I was pretty hyped up and floored after watching "Steel", a new video from Adam Bos. It's clear that a high degree of quality control and thoughtfulness went into the making of this video. And while I've always been impressed by what the Bos brothers have put together over the years, this one felt extra special.
Joshua Bos kicks off the video with his well-curated spot and trick selection, employing a quick flick when needed, while constantly overwhelming spots with his power. All of this, documented with excellent filming and editing, combined with an instrumental take on Bob Dylan's "Lay Lady Lay", makes this opening part feel like a classic that will be rewatched more than the average online part.
A moment of ambient noise and imagery gives way to a light-hearted sounding section featuring Dylan Barnes, Ryan Desroches, Joe Yates, Evan Hay, and Jake Bos. Evan's opening line is particularly pleasing due to his continuation of spinning in the natural direction, while Jake literally throws down a rock to end the interlude.
The next part opens up with pole clangin' and banjo twangin', introducing us to Japhey Dow, who strikes me as the type of guy who has a purely original style that everyone who knows him wants to see more of, but he just does what he wants to do, when he wants to do it. I could be wrong, but that's what I'm picking up here. Taryn Ward, Evan Dow, and Adam Kerrick join the banjo jamboree, backing Japhey up with a barrage of their own solid moves. Japhey's Switch Bigspin to Nose Manual was a particular favourite of mine, and the floatiness of his exit from the Switch Backside Tailslide at Bickford was a pleasant surprise before his two-truck jammer to Nose Wheelie that closes out the part.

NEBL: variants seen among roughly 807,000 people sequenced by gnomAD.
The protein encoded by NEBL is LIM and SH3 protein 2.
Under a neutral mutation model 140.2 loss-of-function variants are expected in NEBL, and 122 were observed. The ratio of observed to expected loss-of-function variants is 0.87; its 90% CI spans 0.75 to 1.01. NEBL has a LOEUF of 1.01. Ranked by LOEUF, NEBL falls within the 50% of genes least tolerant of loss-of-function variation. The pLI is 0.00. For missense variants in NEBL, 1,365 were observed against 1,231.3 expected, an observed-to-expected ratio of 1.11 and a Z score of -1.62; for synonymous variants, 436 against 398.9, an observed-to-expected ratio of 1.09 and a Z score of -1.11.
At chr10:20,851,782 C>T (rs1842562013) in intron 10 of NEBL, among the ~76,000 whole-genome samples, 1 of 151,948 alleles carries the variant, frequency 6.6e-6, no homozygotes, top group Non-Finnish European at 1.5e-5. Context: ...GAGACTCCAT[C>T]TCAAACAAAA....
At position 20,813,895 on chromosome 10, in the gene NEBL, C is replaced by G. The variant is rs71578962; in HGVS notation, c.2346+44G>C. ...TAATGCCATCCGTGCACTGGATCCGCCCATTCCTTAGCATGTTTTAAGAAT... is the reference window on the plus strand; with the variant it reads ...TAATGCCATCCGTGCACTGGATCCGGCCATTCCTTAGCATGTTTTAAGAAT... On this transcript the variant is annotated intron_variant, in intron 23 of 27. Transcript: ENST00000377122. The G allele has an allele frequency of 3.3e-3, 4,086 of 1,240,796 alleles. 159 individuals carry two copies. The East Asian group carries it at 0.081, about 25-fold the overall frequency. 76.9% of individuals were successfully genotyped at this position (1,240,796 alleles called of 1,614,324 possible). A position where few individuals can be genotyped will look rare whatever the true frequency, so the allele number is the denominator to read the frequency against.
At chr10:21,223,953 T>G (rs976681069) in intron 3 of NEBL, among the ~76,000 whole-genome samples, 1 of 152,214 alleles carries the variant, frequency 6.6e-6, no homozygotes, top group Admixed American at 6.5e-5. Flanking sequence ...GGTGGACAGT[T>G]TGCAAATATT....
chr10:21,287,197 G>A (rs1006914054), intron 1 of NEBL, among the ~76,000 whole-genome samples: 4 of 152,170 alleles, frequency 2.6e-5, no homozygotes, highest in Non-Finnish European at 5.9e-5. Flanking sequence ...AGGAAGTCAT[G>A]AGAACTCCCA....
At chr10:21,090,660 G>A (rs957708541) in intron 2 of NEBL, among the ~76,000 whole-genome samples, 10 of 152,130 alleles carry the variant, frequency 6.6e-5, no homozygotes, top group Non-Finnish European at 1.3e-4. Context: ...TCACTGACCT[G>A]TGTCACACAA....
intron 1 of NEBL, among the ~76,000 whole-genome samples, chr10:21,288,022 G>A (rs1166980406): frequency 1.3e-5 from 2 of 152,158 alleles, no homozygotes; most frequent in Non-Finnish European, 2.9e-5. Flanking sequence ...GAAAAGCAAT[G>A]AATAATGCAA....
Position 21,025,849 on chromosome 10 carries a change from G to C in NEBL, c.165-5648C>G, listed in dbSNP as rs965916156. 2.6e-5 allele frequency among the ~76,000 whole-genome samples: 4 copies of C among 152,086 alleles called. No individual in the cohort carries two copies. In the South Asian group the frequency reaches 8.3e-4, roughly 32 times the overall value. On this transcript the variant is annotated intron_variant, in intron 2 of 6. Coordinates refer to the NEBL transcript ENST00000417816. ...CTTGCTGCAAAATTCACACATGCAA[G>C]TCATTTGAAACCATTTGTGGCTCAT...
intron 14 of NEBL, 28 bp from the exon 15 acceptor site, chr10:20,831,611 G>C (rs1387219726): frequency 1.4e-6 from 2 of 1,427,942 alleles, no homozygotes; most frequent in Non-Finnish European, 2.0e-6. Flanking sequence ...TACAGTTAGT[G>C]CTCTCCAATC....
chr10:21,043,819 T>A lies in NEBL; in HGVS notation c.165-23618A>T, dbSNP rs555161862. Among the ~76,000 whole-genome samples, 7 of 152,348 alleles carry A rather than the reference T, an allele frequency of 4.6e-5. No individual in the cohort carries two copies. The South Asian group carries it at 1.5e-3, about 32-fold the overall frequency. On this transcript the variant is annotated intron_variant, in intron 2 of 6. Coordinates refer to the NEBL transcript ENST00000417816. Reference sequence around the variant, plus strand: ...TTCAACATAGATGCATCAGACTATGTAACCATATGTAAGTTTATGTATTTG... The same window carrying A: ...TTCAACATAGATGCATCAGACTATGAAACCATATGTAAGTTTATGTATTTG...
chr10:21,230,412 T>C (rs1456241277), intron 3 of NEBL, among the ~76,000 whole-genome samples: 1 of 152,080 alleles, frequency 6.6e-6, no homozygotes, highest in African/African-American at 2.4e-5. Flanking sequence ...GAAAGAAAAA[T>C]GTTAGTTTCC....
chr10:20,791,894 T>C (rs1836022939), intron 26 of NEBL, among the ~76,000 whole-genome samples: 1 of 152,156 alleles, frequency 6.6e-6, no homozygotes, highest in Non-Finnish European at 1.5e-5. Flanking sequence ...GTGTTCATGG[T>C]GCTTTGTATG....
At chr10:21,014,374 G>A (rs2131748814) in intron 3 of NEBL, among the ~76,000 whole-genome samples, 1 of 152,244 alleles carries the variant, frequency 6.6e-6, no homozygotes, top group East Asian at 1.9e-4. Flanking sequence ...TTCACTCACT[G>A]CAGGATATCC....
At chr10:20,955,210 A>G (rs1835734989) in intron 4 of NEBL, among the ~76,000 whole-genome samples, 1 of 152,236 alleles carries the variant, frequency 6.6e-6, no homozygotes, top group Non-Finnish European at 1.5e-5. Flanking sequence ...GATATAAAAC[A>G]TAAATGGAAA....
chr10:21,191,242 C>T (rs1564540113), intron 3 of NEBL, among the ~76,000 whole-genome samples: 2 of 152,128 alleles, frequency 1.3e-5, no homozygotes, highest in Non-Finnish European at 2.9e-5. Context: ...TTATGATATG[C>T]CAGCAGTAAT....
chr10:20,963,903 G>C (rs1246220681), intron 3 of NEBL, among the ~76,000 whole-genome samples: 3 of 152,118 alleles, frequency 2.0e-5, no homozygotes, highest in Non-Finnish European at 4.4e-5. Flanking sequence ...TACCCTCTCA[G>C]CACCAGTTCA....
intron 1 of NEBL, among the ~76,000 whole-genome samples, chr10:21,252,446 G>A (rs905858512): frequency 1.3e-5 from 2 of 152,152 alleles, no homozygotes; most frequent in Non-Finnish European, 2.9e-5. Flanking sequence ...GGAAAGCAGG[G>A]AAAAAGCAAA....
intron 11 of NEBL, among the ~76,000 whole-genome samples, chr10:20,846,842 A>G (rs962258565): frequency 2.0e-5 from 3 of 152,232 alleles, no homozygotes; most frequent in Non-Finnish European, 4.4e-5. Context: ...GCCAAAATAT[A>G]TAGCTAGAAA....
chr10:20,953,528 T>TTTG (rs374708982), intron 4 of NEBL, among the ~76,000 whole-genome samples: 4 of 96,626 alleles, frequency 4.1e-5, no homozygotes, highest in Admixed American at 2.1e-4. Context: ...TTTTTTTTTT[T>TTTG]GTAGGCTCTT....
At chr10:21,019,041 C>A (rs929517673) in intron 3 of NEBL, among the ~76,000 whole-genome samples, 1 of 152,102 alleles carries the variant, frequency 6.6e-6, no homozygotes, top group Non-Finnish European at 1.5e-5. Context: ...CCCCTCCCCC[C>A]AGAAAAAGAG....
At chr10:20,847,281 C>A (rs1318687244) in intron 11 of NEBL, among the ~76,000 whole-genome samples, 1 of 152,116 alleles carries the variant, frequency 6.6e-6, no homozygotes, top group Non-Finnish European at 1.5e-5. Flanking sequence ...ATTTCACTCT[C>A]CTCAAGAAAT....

Adam Bos, the main filmer and editor behind the video, refrains from any type of musical score over top of his tricks, offering you a chance to relax and prepare for the upcoming demolition derby that closes out the video beneath a droning musical track. Caleb Lilly, Matt Genovese, Liam Daly, and Alex Furtado bring one hell of a video to an end.
"Steel" taps at a range of the viewer's emotions, blending techniques and imagery often seen in home movies, underground skate videos, and the ongoing documenation of some of eastern North America's now-decaying working class cities. Through the filming of Adam Bos, Taryn Ward, Jake Bos, and Joshua Bos, we are reminded that filming with a VX1000 doesn't inherently make your video "cool" and "raw", but when done right, as it certainly is here, it can be a valuable medium in portraying skateboarding in a particular type of way that many of us enjoy.—Jeff Thorburn